The H1 has five white balance presets (daylight, cloudy, fluorescent, incandescent and flash) in addition to the default auto white balance and a custom (manual) option. In our tests the auto WB system worked perfectly in all outdoor situations, coped very well with fluorescents and mixed light sources, but struggled to correct the orange cast caused by shooting under incandescent (tungsten) lighting. If you want neutral tones in such situations you need to switch to the incandescent preset or use manual white balance.
Outdoor - Auto WB
|Fluorescent - Auto WB
Red -0.3%, Blue 1.2%
|Incandescent - Auto WB
Red 15.2%, Blue -20.3%
The built-in pop-up flash has a range of up to around 6.8 m (22 feet) at the wide end of the zoom, dropping to 5.2 m (17.1 feet) at the long end. We found exposure and color to be very reliable, with the flash quenching well at distances down to about 10cm. There is the tiniest measurable warm tone to flash photos, but in most cases this is better than too cool, and produces nice skin tones. One minor complaint is the flash shot-to-shot time (partly due to the pre-flash metering used), which stretches to just shy of four seconds when red-eye reduction is turned on. If the batteries are low or your subject is a few feet away flash recycle times can rise to as much as 6 or 8 seconds.
|Skin tone - Very slight warm tone,
|Color chart -Just measurable warm tone,
The H1's macro mode lets you get as close as 2cm at the wide end of the zoom, capturing an area of just under 40mm (1.5 inches) across - roughly the same as the Panasonic FZ5. Interestingly, this is roughly the smallest area the Canon S2 IS can capture using it's much-trumpeted Super Macro mode before the lens gets so near to the subject that it blocks out all light. At the wide end of the zoom there is inevitably some corner softness and distortion (and some visible chromatic aberration), but it's better than most of its direct competitors, and there is little or no vignetting. Obviously at a shooting distance of 2cm there is a real danger of the lens casting a shadow on the subject, but it's not a serious issue.
Here for visual comparison are three identical shots taken at 64, 100, 200 and 400 ISO settings in our studio. ISO 64 and 100 are very smooth, and even ISO 200 has very little visible noise or noise reduction at ISO 200. At ISO 400 the image is slightly less noisy than most cameras in this class, though there is some visible color blotchiness (chroma noise) in the shadows and evidence of fairly aggressive noise reduction.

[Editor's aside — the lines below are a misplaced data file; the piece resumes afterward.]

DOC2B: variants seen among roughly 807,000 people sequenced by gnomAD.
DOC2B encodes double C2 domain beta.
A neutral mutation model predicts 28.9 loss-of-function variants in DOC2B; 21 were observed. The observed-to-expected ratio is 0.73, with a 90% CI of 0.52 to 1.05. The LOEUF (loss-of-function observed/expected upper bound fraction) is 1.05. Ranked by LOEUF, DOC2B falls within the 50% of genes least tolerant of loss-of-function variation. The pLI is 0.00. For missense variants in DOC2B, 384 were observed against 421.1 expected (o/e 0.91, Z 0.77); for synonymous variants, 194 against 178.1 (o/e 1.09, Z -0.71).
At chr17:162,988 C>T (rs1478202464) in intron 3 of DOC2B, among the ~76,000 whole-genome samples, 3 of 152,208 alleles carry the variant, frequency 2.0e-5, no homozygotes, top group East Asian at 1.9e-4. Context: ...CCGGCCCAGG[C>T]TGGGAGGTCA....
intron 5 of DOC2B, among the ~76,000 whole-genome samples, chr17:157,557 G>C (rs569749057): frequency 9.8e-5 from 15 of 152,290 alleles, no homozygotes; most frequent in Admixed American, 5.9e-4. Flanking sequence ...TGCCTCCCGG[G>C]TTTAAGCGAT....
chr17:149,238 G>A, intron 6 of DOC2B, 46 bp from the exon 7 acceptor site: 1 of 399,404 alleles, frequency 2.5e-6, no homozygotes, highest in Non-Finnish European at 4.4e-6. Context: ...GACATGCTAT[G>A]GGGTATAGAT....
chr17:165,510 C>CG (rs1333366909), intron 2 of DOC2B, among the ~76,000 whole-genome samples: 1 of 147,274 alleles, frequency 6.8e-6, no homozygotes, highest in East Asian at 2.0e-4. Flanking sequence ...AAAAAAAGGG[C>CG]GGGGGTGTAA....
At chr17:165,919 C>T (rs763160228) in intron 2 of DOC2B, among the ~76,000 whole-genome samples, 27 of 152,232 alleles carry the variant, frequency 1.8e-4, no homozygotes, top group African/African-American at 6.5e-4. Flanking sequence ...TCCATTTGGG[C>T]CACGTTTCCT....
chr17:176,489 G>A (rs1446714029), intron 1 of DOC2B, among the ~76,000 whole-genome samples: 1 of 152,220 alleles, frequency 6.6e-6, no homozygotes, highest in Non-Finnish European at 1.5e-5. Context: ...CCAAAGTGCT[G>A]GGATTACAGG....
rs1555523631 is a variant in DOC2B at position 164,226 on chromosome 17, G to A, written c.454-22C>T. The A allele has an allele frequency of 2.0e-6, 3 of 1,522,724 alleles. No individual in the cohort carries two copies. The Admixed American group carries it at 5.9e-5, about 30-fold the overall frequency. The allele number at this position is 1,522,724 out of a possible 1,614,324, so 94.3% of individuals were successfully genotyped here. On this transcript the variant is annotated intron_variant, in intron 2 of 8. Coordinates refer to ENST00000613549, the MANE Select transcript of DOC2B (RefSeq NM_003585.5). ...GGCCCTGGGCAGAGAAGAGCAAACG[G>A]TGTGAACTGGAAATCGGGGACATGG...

|ISO 64 100% crop||ISO 100 100% crop|
|ISO 200 100% crop||ISO 400 100% crop|
Barrel and Pincushion Distortion
The H1 exhibits fairly low distortion given the huge focal length range - 1.2% barrel distortion at the wide end, and only the tiniest amount of measurable distortion at all at the full 432mm telephoto end. There is also only barely measurable - and hardly noticeable - vignetting.
|Barrel distortion - 1.2% at Wide angle
Equiv. focal length: 36 mm
|Pincushion distortion - 0.1% at Telephoto
Equiv. focal length: 432 mm
Specific image quality issues
It's hard not to be impressed by the bright, vivid and detailed results produced by the H1; exposure is very reliable, color excellent and focus generally very accurate (save for the occasional missed focus at the extreme telephoto end of the zoom). The default contrast is a little high for my liking, and can cause highlight clipping in bright conditions (see below), but you can reduce the contrast setting (see next page). Likewise I found the images a touch over-sharpened, which is fine for printing without post-processing, but will look way too harsh for those who like to do some tinkering in Photoshop. Turning the sharpening down in-camera produces a very soft result, but there's still plenty of detail there and the results sharpen up well in post-processing.
We also found sharpness drops fairly dramatically at apertures of F7.1 and higher (due to diffraction effects), though this is by no means unique to this camera - it's just useful to know you get the sharpest results in the F4.0 to F6.3 range.
Aside from the mild fringing issue mentioned below (and the high default contrast/sharpness) our only complaint is the usual lack of dynamic range seen with all 5.0 MP cameras (not helped by the high default contrast) - though the H1 is by no means the worse offender.
Although by no means as bad as, say, the Canon S2 IS, the H1 does show some chromatic aberration at the edges of wide shots, especially, as here, on high contrast edges. The fringing (red on one side, blue on the other) is worse at wider apertures, and gradually reduces as you move up the zoom range. It is hardly visible in lower contrast images, and is not significant enough to mar more than a handful of the 1000 or so test shots taken for this test.
|100% crop||36mm equiv., F4|
Purple fringing... and clipped highlights
This image perfectly illustrates the other two problems found when using the H1 in bright, contrasty situations; purple fringing and clipped highlights. The former (fringing) is nowhere near as bad as earlier 'big zoom' Sony cameras (step forward the F828), and only really shows its face in situations such as this, at the edge of an overexposed area of the frame. The clipping ('blowing') of highlights is partly due to the inherent lack of dynamic range (common to all cameras in this class), partly due to the high default contrast (which you can turn down) and partly due to a slight tendency to expose for the shadows, resulting in occasional mild overexposure. As you learn to use the H1 you learn to (i) turn down the contrast on bright days and (ii) watch the histogram, adding -0.3 or -0.6 EV exposure compensation when needed.
|100% crop||81mm equiv., F4|
Sony Cyber-shot DSC-H1 Digital Camera [5.1MP, 12 x Optical Zoom]